Take the 2-minute tour ×
Stack Overflow is a question and answer site for professional and enthusiast programmers. It's 100% free, no registration required.

So I have a program that uses a number of HashMaps that store a low number of integer keys, between 0 and 50, whose keys represent a unique ordinal less than 100.

These maps are accessed very often and I have done profiling to identify that it will help to have more a more efficient datastructure. Ideally I would use something akin to EnumMap, as these integers are small and unique.

Restrictions: I'm trying to avoid using an array as many of these maps only have a handful of the possible keys. I'm also trying to avoid 3rd party libraries. Large libraries are definitely out, though small libraries, or just 1 or 2 classes might be alright.

Does anyone know of a good fast Map for this situation?

share|improve this question
    
I can't see anything being faster than a 50-element array. –  Matt Ball May 6 '13 at 4:02
1  
Time and space are almost always tradeoffs. A 50 element array is absolutely tiny. Get over it. You're just not going to get any faster than single-opcode array indexing, unless you change your entire approach. –  Matt Ball May 6 '13 at 4:08
1  
For what it's worth, an EnumMap internally just has an array whose size is the number of elements in the enum. –  yshavit May 6 '13 at 5:28
1  
Sure, but you seem to dislike the idea of a 50-element array. You imply that you'd like something as good as EnumMap, but for ints instead of enums; I'm just pointing out that this is a false dichotomy, since an EnumMap for an enum of 50 elements would just be a 50-element array. –  yshavit May 6 '13 at 5:49
2  
To say "I want something fast but more space efficient than a 50-element array, akin to what EnumMap would give me" is basically to say "I want something different than a 50-element array, akin to a 50-element array." That's all I'm saying. :) I don't think it's fair to say "but most EnumMaps have a smaller domain so they take less space," because it's exactly the (typically) smaller domain that allows them to (typically) take less space, and that doesn't apply to your situation. It's not that EnumMap is doing some magic to solve the time-vs-space tradeoff. –  yshavit May 6 '13 at 5:56

2 Answers 2

up vote 4 down vote accepted

Array should be reasonably efficient, given your Keys are <= 100; the size of the array will be 400 bytes. I don't know that the Entries of a Map structure, wouldn't be reasonably close to this size.

Does it matter if your maps (as arrays) total say 4MB, or 40MB, or whatever? You can set the JVM heap large.

Alternative 2):

  • Write your own Hash-based map class (not implementing collections.Map). Relatively simple using a 'linear probe' in an array of cells -- the other technique is a linked-list, which (again) will be as large as the 'direct array' option.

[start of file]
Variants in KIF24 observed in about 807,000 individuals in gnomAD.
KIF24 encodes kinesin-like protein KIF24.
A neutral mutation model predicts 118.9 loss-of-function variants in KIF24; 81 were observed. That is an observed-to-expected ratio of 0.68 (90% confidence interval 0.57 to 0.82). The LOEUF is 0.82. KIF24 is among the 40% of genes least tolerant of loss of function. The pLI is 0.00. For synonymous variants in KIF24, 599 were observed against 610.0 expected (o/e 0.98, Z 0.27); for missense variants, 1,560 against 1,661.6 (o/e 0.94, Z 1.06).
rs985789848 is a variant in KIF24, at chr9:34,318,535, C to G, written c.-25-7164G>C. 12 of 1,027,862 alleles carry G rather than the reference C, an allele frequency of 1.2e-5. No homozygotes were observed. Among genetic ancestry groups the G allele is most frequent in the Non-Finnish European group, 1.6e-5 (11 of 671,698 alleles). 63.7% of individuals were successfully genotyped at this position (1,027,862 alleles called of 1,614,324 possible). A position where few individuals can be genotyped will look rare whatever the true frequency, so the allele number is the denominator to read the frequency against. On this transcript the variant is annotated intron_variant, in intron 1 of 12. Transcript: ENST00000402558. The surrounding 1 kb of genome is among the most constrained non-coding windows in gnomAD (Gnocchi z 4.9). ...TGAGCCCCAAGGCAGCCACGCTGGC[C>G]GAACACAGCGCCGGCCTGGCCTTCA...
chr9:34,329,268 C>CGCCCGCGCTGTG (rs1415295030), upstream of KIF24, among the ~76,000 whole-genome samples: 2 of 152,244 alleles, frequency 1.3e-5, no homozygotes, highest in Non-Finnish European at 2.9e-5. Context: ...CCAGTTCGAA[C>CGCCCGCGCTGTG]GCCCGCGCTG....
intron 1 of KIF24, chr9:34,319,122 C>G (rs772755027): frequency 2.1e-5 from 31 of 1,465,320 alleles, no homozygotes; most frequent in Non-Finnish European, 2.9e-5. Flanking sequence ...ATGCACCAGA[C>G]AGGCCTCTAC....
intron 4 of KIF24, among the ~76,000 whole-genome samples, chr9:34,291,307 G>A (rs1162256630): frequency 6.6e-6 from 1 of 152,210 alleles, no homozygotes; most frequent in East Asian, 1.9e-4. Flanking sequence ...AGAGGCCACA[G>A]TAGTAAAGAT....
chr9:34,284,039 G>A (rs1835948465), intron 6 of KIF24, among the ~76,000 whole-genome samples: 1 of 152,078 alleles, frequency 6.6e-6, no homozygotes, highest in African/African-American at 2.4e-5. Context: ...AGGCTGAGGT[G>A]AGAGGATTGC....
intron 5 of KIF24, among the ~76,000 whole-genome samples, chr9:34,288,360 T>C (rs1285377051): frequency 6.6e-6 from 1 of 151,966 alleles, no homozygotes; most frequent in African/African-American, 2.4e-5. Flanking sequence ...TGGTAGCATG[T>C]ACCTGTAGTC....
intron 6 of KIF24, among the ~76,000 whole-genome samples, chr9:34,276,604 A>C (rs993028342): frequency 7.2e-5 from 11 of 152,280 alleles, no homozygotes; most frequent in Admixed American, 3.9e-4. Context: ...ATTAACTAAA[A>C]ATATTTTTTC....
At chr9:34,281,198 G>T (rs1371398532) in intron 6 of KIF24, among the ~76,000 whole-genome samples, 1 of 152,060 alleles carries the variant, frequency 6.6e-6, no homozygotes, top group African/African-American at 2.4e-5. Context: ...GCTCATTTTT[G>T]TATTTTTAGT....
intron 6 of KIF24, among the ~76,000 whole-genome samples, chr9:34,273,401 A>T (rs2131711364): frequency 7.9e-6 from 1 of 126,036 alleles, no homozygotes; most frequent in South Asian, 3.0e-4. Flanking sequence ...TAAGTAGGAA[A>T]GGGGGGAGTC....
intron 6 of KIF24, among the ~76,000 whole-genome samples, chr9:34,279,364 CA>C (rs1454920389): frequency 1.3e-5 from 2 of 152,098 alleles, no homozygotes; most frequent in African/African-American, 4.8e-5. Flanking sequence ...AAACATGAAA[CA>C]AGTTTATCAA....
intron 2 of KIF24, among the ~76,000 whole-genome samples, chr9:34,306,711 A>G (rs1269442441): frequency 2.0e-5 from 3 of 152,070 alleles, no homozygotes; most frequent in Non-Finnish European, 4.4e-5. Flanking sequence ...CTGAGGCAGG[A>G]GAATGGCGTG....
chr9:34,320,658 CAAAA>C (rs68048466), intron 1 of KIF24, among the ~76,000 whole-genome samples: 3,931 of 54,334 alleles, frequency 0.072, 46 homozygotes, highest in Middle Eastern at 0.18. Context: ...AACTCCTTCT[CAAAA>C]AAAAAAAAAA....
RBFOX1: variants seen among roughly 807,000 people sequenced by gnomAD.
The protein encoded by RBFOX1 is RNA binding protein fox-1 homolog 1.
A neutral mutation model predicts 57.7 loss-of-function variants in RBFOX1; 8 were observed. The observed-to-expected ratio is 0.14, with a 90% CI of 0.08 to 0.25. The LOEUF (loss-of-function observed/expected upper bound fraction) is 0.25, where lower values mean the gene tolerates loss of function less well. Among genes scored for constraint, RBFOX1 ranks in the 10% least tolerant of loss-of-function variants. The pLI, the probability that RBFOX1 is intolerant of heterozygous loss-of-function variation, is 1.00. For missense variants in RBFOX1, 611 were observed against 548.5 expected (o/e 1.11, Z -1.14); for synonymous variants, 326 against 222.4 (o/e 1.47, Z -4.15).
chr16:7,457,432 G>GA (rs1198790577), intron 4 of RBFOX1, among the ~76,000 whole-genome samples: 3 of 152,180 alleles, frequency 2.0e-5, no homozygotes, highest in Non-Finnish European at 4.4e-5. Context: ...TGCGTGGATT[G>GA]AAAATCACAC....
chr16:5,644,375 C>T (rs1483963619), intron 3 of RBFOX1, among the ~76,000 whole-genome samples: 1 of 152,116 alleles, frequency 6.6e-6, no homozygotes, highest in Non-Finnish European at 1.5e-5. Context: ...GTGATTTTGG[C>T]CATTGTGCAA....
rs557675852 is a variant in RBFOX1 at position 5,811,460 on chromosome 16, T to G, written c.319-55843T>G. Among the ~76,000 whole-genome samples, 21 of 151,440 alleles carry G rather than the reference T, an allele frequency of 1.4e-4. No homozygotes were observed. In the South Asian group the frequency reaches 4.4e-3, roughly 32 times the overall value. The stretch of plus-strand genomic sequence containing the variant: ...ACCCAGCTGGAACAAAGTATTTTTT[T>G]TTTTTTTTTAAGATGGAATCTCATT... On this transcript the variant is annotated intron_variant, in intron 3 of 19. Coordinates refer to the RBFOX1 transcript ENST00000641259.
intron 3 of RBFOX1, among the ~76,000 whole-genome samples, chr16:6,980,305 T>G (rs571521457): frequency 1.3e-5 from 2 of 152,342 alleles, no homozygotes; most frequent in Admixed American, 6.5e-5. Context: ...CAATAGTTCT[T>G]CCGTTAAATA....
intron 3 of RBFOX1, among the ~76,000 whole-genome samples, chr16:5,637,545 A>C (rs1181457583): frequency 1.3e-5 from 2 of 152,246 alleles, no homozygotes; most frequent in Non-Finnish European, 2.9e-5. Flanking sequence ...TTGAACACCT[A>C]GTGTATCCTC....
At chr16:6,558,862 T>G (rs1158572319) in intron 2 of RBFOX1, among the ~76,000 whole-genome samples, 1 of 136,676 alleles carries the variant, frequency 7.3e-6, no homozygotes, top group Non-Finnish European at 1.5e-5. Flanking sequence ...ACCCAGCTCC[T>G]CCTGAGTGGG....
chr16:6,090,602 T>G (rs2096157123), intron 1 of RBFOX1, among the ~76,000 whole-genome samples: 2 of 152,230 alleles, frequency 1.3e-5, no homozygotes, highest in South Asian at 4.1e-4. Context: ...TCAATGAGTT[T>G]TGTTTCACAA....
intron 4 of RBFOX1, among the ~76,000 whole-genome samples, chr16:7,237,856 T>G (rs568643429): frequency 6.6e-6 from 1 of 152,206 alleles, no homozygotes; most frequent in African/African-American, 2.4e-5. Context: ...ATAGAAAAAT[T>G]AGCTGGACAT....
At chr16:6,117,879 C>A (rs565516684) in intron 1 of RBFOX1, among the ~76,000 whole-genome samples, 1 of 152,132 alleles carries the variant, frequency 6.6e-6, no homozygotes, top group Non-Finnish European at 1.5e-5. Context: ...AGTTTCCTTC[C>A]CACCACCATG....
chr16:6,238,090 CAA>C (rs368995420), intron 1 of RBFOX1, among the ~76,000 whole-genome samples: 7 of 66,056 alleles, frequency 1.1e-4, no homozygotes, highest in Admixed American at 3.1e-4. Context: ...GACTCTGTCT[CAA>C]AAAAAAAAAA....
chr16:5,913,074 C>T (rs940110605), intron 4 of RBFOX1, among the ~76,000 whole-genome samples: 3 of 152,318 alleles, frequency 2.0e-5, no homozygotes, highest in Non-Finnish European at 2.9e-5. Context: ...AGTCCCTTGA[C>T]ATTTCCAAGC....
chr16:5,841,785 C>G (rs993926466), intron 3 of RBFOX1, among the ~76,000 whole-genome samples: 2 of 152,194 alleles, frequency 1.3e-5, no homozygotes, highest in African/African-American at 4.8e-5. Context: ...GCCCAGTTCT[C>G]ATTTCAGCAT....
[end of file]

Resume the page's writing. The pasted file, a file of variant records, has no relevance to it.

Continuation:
share|improve this answer
    
Maybe its just the c programmer in me being paranoid, it just seems to be a waste to allocate 100 spaces when only 10 might be needed. Especially since I have a lot of these maps, which multiplies that problem. It's still probably a small amount of memory... I'll have to think about my own Map class. What is the linear probe approach? I dont know that one –  greedybuddha May 6 '13 at 4:04
    
Map has to have more cells than elements, since hashcodes & the cells they map to are not guaranteed unique. (You're really fighting against using an array here, aren't you?) Different elements with same 'intended' cell are thus stored in the next empty cell. Lookup requires a linear scan along the hashmap from the indicated cell, scanning all non-empty cells (potential collisions) until the target is found or an empty cell is reached. HashMap size thus must always be greater than the # elements held, by a 'load factor'. en.wikipedia.org/wiki/Linear_probing –  Thomas W May 6 '13 at 4:09
    
If you want performance, my comment above should indicate that an array will be an order of magnitude faster & simpler than even your own custom map implementation. –  Thomas W May 6 '13 at 4:17

GNU Trove has primitive maps that will do what you want. But if you are not trying to eke out every byte of memory, I'd second Thomas's suggestion to just use an array.

share|improve this answer
    
I always forget about Trove. +1 –  Matt Ball May 6 '13 at 4:11
    
I'm liking this. Haven't heard of Trove before and it's looking good. It's a pretty big library though so I'll have to see if I can just isolate the map I'll need from it. –  greedybuddha May 6 '13 at 4:46
1  
The point is, your memory usage for even a (well optimized) primitive hash-map will be almost as much as a direct array. Calculate it! And execution cost will be around 5-10x slower. Frankly, at this point you're pursuing non-productive efforts. –  Thomas W May 6 '13 at 7:49
1  
@ThomasW: It could be worthwhile, if you say have a valid range of 100 keys, have many many separate maps, and many of them only have 0-10 entries in them. But I agree with you that the array is the better choice unless there really is a convincing reason to use a sparse Map. –  Steven Schlansker May 6 '13 at 17:11

Your Answer

 
discard

By posting your answer, you agree to the privacy policy and terms of service.

Not the answer you're looking for? Browse other questions tagged or ask your own question.